On February 9, 2017, Huntsman (HUN) announced a dividend of $0.125 per share for 1Q17 on the company’s outstanding common stock. The dividend will be payable on March 31 to shareholders of record as of March 15, 2017.
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HUN has been paying a stable dividend for several years, but since 2011, Huntsman has increased its dividend only once, representing a CAGR (compound annual growth rate) of 4.6% during that period.
With the assumption that HUN will continue to maintain the dividend it declared in 1Q17 for the remaining quarters of 2017, HUN’s projected that its dividend for fiscal 2017 would be $0.50—the same as in the previous year.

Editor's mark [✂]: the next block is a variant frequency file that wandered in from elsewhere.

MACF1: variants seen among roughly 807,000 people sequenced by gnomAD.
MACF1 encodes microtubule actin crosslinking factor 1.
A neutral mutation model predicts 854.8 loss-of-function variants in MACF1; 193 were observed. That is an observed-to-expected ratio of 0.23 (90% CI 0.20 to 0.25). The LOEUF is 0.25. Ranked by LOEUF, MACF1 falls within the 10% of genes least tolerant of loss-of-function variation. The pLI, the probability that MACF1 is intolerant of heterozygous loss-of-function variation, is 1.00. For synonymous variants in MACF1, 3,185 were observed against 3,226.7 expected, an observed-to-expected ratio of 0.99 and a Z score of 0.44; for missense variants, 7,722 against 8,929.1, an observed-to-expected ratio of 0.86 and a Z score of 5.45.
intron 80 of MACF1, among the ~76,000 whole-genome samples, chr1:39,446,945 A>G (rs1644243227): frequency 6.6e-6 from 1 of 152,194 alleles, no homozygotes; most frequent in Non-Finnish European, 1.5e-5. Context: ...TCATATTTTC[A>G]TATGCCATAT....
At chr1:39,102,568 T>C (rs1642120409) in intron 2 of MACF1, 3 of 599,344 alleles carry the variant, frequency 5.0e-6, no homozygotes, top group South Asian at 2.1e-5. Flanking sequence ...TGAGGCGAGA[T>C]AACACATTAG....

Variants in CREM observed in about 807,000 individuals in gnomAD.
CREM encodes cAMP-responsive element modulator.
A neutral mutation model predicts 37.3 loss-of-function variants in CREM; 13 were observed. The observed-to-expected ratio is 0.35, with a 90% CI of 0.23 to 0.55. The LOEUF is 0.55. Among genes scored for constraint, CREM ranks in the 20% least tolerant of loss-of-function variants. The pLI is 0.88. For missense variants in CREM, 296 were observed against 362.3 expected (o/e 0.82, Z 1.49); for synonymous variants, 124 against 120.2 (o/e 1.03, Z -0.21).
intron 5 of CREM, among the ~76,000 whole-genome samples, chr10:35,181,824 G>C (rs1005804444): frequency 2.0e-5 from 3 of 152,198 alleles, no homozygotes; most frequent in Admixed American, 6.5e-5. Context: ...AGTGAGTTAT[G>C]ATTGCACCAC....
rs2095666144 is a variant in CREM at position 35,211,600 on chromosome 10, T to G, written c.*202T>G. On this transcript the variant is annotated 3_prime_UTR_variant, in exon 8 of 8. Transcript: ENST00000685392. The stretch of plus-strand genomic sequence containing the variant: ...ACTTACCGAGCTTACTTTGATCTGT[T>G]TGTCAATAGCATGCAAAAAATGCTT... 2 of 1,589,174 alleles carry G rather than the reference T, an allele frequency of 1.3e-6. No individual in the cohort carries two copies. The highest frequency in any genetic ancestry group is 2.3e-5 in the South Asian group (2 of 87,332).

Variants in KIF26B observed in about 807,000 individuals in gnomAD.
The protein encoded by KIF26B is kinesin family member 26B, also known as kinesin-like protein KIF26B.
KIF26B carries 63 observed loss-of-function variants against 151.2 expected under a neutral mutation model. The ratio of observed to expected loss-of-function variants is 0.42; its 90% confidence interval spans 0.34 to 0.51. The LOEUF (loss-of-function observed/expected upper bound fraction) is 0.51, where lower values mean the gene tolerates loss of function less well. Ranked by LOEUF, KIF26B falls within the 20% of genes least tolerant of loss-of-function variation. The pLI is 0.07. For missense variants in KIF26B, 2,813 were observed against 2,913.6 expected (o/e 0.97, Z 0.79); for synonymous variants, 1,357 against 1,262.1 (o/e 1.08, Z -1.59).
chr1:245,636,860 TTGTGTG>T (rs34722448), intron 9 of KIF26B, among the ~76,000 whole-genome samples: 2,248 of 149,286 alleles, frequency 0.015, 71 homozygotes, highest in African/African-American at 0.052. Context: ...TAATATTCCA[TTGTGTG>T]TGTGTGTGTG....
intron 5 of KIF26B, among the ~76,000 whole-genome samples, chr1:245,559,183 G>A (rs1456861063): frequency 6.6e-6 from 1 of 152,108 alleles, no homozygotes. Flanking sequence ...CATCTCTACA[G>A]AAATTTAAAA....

It’s important for investors to know whether the company is generating enough free cash flow to sustain its dividend growth, as dividends are usually paid out of free cash flows. For our analysis and understanding purposes, we’ll consider the free cash flow generated by Huntsman and convert it into free cash flow per share.
Huntsman’s free cash flow has been very unstable, but overall, since 2011, its free cash flow per share has grown at a CAGR of 82.8% until the end of 2016. In 2015, HUN’s free cash flow turned negative, but despite the inconsistent cash flow, this key element of the company’s financials still appears strong enough to support its dividend growth.
Notably, investors can indirectly hold Huntsman by investing in the First Trust Materials AlphaDEX Fund ETF (FXZ), which had 2.3% of its portfolio in HUN on March 16, 2017.
In the next part of this series, we’ll look into Huntsman’s dividend yield.